Defense Secretary Robert Gates needs to chill out and hear Alaska state Republican Rep. Bob Lynn out. Although Gates doesn't support lowering the drinking age for U.S. troops, Lynn has drudged up the age-old debate in Congress. He's proposing a bill that would allow military members in his state who are under 21 to legally drink and smoke when they're in Alaska. Currently, Alaska residents can't legally drink until they're 21 and legally smoke until they're 19.
I gotta admit, I don't really agree with the legal drinking age being so high in general, because I think that they've proven in Europe that a younger drinking age means that booze is less taboo and, therefore, kids don't binge drink over there NEARLY as much as our teens. But when it comes to the military, it makes even less sense to me that they have to wait until they're 21. If they can serve at 18, they should be treated like adults.
And that's exactly why Lynn is hoping to pass this bill. On his blog earlier this week, he made his case:
It's outrageous that a member of our military can be subjected to the horrors of war, but can't legally have a beer or smoke a cigarette. Any soldier who braves military combat and risks their life for our country should be treated like an adult -- in every sense of the word. HB 210 does not advocate smoking or drinking as a general practice, nor does the sponsor, but it does advocate equal treatment for adults and the de facto adults in America's military.
He has an extremely valid point, and I couldn't agree more. The men and women serving our country shouldn't be treated like children when they come back to the States. (Since 2009, the Pentagon has stated that in other countries, the minimum drinking age for U.S. troops is 18, unless an international treaty, agreement, or a local situation determined by a commander sets it higher.)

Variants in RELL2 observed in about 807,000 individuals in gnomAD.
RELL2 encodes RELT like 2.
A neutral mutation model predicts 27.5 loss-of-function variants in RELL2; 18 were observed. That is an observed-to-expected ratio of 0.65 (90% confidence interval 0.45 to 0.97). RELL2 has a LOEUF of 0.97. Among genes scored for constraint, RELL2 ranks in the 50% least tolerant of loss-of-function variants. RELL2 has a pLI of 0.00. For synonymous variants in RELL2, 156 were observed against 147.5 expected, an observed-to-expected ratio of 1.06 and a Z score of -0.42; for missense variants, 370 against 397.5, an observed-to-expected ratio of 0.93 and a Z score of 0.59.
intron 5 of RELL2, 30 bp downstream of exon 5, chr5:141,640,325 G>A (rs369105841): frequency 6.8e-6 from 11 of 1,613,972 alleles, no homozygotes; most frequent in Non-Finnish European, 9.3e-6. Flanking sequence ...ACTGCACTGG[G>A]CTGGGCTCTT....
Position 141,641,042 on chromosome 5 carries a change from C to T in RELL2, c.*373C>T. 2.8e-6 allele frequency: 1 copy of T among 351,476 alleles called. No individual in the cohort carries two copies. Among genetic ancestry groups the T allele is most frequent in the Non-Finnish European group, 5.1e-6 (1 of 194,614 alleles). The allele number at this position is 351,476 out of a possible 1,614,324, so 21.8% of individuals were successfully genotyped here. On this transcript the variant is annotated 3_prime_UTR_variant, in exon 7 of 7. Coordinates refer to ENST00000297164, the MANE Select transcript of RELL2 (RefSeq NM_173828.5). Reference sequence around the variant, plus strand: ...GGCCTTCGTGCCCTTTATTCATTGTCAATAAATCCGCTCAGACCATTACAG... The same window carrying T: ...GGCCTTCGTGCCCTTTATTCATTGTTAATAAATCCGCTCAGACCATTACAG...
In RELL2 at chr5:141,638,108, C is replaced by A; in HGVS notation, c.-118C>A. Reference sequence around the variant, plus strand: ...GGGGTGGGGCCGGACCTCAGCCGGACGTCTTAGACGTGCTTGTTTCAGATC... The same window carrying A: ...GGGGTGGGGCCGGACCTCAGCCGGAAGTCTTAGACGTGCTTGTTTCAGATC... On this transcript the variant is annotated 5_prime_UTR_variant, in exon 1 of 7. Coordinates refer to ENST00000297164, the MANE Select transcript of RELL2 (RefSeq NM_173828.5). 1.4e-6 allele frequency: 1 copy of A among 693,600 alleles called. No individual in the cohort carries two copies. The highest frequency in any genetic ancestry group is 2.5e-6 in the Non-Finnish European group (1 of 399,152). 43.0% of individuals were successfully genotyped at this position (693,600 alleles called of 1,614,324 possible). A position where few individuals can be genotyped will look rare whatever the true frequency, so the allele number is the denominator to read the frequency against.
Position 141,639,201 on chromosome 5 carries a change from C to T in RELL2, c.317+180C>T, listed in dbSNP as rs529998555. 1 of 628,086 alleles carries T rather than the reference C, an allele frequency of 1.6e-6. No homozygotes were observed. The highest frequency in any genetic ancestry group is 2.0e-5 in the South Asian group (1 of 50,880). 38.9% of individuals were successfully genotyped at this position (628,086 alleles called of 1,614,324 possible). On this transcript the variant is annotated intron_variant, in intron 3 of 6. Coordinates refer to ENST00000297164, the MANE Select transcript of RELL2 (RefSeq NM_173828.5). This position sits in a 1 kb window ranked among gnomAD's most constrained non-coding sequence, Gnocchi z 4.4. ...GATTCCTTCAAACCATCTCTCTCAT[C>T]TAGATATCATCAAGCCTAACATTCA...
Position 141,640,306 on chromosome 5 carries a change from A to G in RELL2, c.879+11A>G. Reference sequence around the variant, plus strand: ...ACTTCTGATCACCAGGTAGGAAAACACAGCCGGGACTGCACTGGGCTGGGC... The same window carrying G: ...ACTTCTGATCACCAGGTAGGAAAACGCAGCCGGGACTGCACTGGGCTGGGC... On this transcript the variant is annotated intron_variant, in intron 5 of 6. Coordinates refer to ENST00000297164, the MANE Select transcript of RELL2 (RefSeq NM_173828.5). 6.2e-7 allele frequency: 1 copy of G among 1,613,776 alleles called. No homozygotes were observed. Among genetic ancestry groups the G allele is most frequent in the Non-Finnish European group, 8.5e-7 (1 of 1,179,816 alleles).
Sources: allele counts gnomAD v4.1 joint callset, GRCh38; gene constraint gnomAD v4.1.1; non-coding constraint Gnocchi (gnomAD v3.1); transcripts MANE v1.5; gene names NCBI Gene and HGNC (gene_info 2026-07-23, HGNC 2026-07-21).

I'm not an advocate of smoking in general, and I would hope soldiers who want to stay in tip-top shape wouldn't really even have a desire to smoke. But a few beers? A glass of wine with dinner? What's the big deal??
Nonetheless, it doesn't seem like Lynn is going to win this battle easily. For one, the National Minimum Drinking Age Act, which was passed in 1984, says that states must make the legal drinking age 21 or else face a 10 percent reduction in federal highway funding. So, Lynn would have to trade nearly $50 million in federal highway funds for a lowered drinking age. Ouch, that's a pretty hard hit to take.
Then, you've got Robert Gates, who doesn't want to "encourage drinking" among troops. He told a hearing last month:
One of the things we're seeing as a result of repeated tours is not just an increase in suicides but an increase in risky behaviors, particularly by young men. And so that would be a concern of mine.
I do get what he's saying, and but if soldiers are going to engage in "risky behaviors," they're going to do it whether it's legal or not. Maybe if it's legal, they'll be in bars where bartenders can say, "Hey, I think you've had enough" or drinking with family/friends. In other words, they'd be in the open more and less likely to sneak around with a flask of whiskey or have keggers in someone's basement.
All in all, I can't say this is an issue I'm extremely passionate about, but I do think lowering the drinking age for the military is a practical move. Now I guess we'll see what Congress has to say about it. I have a feeling that, in the end, many soldiers under 21 will have to continue to be closet drinkers and smokers in the state of Alaska.
What do you think -- should the drinking age for U.S. troops be lowered?
Image via US Army Africa/Flickr